Moreover, APESB (65) notes that the duties of a company secretary may put the auditor in a compromising situation. The administrative duties that include personnel management and ensuring compliance with corporate regulations reveal that the company secretary has a close relationship with the entity which means that an auditor cannot become a company secretary for an audit client, as this will lead to lack of working objectively when auditing the financial statements.

The other concern that is prevalent in Bertha’s case is the potential conflict of interest. Threats to truthful reporting arise from several potential conflicts of interest. If the conflicts of interests are not dealt with at the initial stages of the audit process, then this may cost the audit firm as well as the client (Crockett, 31). Bertha is faced with several conflicts of interest that may cause her not to perform her duties diligently.

Section 220 of the APESB ethical code requires members of the audit profession to take reasonable steps to identify potential areas of conflict. Nevertheless, Bertha has not taken such steps and this raises concern of the potential conflicts of interest that may arise during the case. Bertha’s conflict of interest stems from the fact that she is the company secretary of an audit client. This may lead her to compromise compliance as well as fundamental audit principles that are supposed to guide her during the audit process. The conflicts of interests that Bertha is faced with are significant and they should be eliminated so that the audit client gets the competent professional services that they require. Bertha should therefore inform her firm of these conflicts of interest so that she can either resign from her role as company secretary or for the company to disengage its relationship with the audit client. If this is done, then the concerns in this case would have been addressed.

John’s Case

Section 191 and 192 of the Corporations Act 2001 apply to John’s situation. John’s father is the factory manager for a company he is supposed to audit and this gives rise to potential conflict of interest for both of them. Section 191, of the Corporations Act 2001, deals with material personal interest in the company. John’s father is required by the law to disclose the fact that it is his some who will be auditing various aspects of the company. The Corporations Act 2001 requires the director of the company to inform other directors of nay material interests that may have an effect on the affairs of the company. John’s father has material interest in the auditing process because it affects the affairs of the company. Subsection (1) of Section 191 requires John’s father to reveal the extent of the interest and explain it nature. Section 192 requires John’s father to ensure that the conflict of interest in put on record for other interested stakeholders to access.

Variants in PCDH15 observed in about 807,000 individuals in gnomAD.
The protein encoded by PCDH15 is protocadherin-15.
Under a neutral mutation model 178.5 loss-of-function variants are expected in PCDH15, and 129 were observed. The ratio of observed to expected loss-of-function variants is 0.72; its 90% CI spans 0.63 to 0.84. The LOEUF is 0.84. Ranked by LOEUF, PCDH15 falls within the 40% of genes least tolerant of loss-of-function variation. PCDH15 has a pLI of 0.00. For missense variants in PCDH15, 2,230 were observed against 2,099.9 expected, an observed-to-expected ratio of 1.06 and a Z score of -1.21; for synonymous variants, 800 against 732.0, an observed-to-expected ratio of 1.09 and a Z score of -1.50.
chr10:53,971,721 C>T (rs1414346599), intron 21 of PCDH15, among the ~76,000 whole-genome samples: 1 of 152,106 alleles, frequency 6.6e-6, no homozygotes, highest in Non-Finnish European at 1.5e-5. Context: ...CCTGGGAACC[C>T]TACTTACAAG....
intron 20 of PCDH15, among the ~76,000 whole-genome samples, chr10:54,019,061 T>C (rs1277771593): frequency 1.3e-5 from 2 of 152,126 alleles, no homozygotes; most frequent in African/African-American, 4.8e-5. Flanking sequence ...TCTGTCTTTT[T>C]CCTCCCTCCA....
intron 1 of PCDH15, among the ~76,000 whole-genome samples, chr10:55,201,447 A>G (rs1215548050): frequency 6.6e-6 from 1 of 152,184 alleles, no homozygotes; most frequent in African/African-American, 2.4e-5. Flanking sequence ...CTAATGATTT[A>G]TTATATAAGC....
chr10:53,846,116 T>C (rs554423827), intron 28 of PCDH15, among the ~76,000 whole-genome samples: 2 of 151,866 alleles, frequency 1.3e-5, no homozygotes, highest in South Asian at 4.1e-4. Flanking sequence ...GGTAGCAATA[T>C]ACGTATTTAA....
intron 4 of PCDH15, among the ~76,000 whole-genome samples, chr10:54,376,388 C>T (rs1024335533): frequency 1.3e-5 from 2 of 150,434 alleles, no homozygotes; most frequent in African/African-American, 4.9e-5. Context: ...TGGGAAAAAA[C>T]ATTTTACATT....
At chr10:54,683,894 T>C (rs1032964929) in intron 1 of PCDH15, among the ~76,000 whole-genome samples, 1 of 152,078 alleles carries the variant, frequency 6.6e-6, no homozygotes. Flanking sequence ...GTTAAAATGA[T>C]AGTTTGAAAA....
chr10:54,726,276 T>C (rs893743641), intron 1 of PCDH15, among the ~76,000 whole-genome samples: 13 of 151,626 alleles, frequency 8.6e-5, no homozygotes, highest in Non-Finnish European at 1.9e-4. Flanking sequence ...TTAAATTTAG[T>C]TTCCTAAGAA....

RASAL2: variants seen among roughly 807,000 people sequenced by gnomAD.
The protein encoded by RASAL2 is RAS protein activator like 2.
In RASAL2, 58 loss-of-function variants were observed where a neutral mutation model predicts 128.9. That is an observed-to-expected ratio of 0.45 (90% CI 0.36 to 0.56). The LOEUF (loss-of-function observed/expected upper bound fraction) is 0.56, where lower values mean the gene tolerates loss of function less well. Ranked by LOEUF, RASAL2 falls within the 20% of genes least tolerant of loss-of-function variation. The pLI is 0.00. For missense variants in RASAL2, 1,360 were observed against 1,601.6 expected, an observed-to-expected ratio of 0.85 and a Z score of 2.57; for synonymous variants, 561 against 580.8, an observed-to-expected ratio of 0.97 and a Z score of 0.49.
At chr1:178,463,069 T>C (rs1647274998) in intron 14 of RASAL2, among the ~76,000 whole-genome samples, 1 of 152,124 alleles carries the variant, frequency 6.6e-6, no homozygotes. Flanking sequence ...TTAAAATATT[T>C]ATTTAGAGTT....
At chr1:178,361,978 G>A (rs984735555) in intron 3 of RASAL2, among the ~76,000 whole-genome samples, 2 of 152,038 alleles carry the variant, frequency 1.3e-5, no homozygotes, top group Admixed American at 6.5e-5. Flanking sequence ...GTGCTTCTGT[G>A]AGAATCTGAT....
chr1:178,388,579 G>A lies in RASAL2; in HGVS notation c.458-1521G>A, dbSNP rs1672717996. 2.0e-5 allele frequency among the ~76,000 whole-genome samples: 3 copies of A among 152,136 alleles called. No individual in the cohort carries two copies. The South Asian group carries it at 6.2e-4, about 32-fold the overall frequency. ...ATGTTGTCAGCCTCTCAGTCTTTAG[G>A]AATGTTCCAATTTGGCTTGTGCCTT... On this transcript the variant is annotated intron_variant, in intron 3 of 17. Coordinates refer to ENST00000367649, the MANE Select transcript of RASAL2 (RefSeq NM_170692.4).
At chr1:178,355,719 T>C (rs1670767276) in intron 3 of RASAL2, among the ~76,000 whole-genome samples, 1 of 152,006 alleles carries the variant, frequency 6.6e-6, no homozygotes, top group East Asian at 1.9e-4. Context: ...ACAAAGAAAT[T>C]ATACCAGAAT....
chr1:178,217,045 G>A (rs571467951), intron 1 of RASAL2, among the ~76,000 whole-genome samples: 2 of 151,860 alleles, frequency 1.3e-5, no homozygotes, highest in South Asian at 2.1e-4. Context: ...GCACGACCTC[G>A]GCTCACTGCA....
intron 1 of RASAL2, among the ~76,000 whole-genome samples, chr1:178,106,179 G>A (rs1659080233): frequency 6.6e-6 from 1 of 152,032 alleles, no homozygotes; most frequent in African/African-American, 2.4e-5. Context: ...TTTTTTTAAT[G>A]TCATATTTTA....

John, on the other hand, is also faced with conflict of interest which he is supposed to reveal to the audit firm. The fact that John is auditing a company where his father has an interest means that he may be biased when giving his audit opinion or neglect alarming facts from his final audit report. The APESB ethical code requires all members of the audit profession to notify all relevant parties involved in the audit of the potential areas of conflict so that the same are dealt with. The essence of this notification is to allow for the audit firm to come up with safe guards during the audit process.

The audit firm should have a mechanism in place to ensure that conflict of interest does not counter professional judgment. Auditors are required to maintain professional judgment throughout the audit process but this cannot be guaranteed if the professional is faced with conflicts of interest. One of the primary things that the audit firm should have in place is a mechanism that identifies areas of conflict of interest before any audit exercise begins. When the audit firm is doing any audit exercise, the first step should be identification of any areas of potential conflict of interest before the audit exercise begins. According to Brooks and Dunn (402) it is important that the conflicts of interests are dealt with before the audit process begins so that the auditors can give a reliable opinion on the financial statements of the company. If John’s audit firm had these mechanisms in the first place, then the conflict of interest he is facing could have been eliminated. John could have been assigned another duty apart from auditing a company where his father had an interest and he could also benefit financially from the audit process. John’s audit firm therefore needs to have appropriate safe guards to detect and deal with any conflicts of interest.